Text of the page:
Charter Doesn't Need to Buy a Content Company to Be Competitive, CEO Says
Tom Rutledge also tells the UBS Global Media and Communications Conference in New York that the Trump administration should bring regulatory "relief."
Cable operator Charter Communications, in which John Malone's Liberty Broadband owns a big stake, doesn't feel the need to own a content company right now and expects to reach a deal to integrate Netflix into its set-top boxes down the line, chairman and CEO Tom Rutledge told the annual UBS media and communications investor conference Tuesday.
"I don't think so right now," he said when asked whether Charter needs to own a content company to not be at a disadvantage compared with the likes of AT&T, which is planning to acquire Time Warner for $85.4 billion, and Comcast, which owns NBCUniversal. "We are a connection company at the moment, and I like that place." Rutledge said there was "a great runway for years to come" and "a lot of opportunity" with the current business model of providing connectivity and pay TV services, without needing to owning a content company.
"You have to stay true to the content business" when operating in both content and distribution, as the distribution footprint is always smaller than the programming footprint, Rutledge also explained. Otherwise, "you can destroy a lot of value," he said, suggesting that the AT&T-Time Warner deal won't change that.
Asked about President-elect Donald Trump and his impact on telecom and media regulation, Rutledge said he had been all caught up in the existing regulatory set-up in Washington, D.C., in recent years. "It's pretty cool," he said, adding that the new regulatory environment means "relief." He suggested that past FCC regulation, such as on net neutrality, hasn't hurt cable operators, but "has the potential of hurting us." That echoed recent comments from Liberty Media CEO Greg Maffei.
Discussing a possible integration deal with Netflix, he said: "I expect that to happen." Citing conversations with Netflix CEO Reed Hastings, he said they have moved far along. Netflix already has an integration deal with Comcast and Malone's European and Latin American pay TV giant Liberty Global.
Much talk on Tuesday focused on Charter's close earlier this year of two mega-deals, namely the $55 billion acquisition of Time Warner Cable and the $10.4 billion purchase of Bright House. The deals made Charter the second-biggest U.S. cable company behind Comcast.
Rutledge said that the integration and key operating initiatives were on track, reiterating that financial synergies continue to run ahead of original expectations.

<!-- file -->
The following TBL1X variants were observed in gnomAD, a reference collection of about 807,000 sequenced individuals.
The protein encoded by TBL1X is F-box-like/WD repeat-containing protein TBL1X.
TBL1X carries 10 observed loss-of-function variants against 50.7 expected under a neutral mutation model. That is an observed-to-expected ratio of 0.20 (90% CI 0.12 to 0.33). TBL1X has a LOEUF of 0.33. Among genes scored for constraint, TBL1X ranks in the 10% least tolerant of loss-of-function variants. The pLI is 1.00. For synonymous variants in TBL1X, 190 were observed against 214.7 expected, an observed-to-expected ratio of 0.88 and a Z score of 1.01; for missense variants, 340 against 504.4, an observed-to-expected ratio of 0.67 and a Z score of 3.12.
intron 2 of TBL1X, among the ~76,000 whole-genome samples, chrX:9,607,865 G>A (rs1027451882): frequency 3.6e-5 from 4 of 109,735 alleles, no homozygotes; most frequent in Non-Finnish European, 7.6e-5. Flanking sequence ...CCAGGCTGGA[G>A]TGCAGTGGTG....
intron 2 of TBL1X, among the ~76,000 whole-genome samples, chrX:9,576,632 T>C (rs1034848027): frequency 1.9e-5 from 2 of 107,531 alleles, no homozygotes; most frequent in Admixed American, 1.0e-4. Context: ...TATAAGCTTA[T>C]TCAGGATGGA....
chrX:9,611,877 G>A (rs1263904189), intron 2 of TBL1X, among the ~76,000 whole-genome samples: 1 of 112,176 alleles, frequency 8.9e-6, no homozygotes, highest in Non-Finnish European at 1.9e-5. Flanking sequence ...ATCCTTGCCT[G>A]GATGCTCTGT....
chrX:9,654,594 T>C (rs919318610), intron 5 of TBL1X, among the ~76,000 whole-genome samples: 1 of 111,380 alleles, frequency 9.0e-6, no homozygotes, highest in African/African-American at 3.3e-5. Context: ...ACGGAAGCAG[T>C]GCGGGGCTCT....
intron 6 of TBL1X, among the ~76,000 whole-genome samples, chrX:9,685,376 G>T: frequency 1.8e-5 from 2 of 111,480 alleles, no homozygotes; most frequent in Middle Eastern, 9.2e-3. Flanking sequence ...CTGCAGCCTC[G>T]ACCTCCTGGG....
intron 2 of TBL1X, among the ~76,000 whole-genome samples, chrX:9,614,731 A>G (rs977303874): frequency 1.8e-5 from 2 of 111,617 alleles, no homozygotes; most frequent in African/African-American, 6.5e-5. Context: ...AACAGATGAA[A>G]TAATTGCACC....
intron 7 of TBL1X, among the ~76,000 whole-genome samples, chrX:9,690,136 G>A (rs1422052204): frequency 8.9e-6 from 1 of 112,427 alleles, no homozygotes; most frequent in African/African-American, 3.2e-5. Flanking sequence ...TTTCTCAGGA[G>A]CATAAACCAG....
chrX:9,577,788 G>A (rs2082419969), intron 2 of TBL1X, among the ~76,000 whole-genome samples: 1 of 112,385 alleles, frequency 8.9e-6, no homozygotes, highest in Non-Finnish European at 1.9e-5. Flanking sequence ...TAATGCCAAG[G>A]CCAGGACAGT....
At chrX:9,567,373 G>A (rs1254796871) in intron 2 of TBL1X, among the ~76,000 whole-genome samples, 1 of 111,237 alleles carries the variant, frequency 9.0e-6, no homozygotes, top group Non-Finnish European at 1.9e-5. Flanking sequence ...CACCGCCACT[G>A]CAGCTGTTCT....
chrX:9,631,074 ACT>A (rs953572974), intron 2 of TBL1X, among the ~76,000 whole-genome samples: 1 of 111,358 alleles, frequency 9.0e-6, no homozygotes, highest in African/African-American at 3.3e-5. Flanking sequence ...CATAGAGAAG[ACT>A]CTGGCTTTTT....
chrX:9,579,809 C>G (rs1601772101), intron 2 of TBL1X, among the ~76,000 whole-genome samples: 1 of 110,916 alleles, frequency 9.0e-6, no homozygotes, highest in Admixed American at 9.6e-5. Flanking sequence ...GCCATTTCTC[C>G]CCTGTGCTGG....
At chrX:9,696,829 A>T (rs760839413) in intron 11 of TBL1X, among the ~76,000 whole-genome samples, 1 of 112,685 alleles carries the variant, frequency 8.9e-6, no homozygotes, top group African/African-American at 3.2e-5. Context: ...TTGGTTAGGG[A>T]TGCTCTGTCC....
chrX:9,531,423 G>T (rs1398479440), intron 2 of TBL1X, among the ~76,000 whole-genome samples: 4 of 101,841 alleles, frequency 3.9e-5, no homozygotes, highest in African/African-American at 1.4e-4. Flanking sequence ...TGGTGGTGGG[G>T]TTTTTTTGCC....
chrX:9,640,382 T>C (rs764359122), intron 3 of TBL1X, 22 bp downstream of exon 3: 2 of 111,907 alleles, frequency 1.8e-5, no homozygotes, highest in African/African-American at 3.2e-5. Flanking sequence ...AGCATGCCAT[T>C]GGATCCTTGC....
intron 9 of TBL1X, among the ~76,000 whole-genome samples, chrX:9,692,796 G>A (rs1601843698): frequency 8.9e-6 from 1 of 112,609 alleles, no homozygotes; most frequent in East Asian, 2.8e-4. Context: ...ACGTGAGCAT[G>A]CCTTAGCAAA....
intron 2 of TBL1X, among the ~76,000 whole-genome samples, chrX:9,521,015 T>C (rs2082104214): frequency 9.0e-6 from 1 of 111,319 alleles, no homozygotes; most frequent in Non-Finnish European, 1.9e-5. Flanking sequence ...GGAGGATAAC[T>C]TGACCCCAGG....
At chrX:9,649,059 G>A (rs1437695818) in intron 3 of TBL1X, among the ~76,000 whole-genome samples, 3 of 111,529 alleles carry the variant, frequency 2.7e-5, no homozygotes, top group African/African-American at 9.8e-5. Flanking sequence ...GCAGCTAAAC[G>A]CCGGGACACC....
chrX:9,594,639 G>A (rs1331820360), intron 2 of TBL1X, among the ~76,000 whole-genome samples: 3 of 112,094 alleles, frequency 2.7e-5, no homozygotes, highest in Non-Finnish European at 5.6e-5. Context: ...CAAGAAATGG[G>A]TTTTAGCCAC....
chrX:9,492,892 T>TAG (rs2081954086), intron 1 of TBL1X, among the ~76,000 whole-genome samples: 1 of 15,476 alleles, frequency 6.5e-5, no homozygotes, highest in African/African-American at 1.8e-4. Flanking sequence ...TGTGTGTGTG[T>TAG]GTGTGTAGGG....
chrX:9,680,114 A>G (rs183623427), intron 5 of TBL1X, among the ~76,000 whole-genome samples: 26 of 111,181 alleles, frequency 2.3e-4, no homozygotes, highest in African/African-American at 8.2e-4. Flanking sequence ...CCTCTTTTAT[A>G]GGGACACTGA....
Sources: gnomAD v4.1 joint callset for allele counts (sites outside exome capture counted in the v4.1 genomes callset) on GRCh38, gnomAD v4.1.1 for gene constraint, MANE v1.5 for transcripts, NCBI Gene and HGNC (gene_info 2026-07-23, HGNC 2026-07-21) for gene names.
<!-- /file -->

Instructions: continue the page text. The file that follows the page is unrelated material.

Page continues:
Charter management previously said it expects higher than originally outlined cost savings from its two big recent acquisitions, including $800 million in TWC annualized programming and overhead savings by the end of year three after the deal's close. Management previously also said that by the end of the first year, annual deal savings would hit more than $600 million, compared with an original estimate of $400 million to $500 million. Management later cited a new target of $700 million.
Rutledge said Tuesday that response rates in acquired cable markets are up, but it would take time to work through all past operational issues and ensure all bought cable systems hit their stride.
Charter has said it would look for possible accretive acquisitions over time, but management has signaled nothing was imminent.
When an analyst recently asked for further insight, adding that her firm assumed nothing was imminent and that Charter would not acquire a content company following AT&T's $85.4 billion deal for Time Warner, its CFO only said that if anything was "material and probable," Charter would have to disclose that.
Asked about streaming services, particularly AT&T's recently launched DirecTV Now, Rutledge said such services could be sold to the company's more than 20 million broadband customers and that with its range of services the company would "stay very competitive" with other companies.
Discussing programming costs for pay TV distributors, Rutledge said that if everyone started selling skinny bundles, prices would go lower, and he'd be glad about that. But he said the current model of "big, fat packages" was a good one for programmers, signaling he expected continued programming cost increases.
How key is it for for cable operators to operate wireless businesses, which various companies are looking at? Rutledge said the importance was "significant." Charter has activated a wireless venture with Verizon that allows the former to offer a service by leasing airwaves from the telecom company on a wholesale basis. "There is no need to do anything right away," he said, adding a wireless service could become available via Charter in late 2017 or later.